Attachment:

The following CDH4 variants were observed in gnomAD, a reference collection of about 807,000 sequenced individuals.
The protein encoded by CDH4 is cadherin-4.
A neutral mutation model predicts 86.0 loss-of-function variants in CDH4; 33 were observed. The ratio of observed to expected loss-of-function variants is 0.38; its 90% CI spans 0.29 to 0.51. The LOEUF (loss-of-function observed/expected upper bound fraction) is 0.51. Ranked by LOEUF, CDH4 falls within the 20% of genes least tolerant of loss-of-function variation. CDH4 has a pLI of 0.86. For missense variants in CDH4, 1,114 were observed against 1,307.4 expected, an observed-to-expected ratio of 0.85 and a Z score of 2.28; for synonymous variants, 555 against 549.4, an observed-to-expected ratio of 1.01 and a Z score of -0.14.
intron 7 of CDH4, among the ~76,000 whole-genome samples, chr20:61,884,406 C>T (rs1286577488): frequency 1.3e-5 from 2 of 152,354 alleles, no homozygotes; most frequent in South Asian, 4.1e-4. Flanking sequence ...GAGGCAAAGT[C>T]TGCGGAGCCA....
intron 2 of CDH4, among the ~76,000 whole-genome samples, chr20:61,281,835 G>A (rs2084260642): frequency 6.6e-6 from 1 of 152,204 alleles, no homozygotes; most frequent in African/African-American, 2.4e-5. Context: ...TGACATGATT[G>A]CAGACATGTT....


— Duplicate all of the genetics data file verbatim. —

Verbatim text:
The following CDH4 variants were observed in gnomAD, a reference collection of about 807,000 sequenced individuals.
The protein encoded by CDH4 is cadherin-4.
A neutral mutation model predicts 86.0 loss-of-function variants in CDH4; 33 were observed. The ratio of observed to expected loss-of-function variants is 0.38; its 90% CI spans 0.29 to 0.51. The LOEUF (loss-of-function observed/expected upper bound fraction) is 0.51. Ranked by LOEUF, CDH4 falls within the 20% of genes least tolerant of loss-of-function variation. CDH4 has a pLI of 0.86. For missense variants in CDH4, 1,114 were observed against 1,307.4 expected, an observed-to-expected ratio of 0.85 and a Z score of 2.28; for synonymous variants, 555 against 549.4, an observed-to-expected ratio of 1.01 and a Z score of -0.14.
intron 7 of CDH4, among the ~76,000 whole-genome samples, chr20:61,884,406 C>T (rs1286577488): frequency 1.3e-5 from 2 of 152,354 alleles, no homozygotes; most frequent in South Asian, 4.1e-4. Flanking sequence ...GAGGCAAAGT[C>T]TGCGGAGCCA....
intron 2 of CDH4, among the ~76,000 whole-genome samples, chr20:61,281,835 G>A (rs2084260642): frequency 6.6e-6 from 1 of 152,204 alleles, no homozygotes; most frequent in African/African-American, 2.4e-5. Context: ...TGACATGATT[G>A]CAGACATGTT....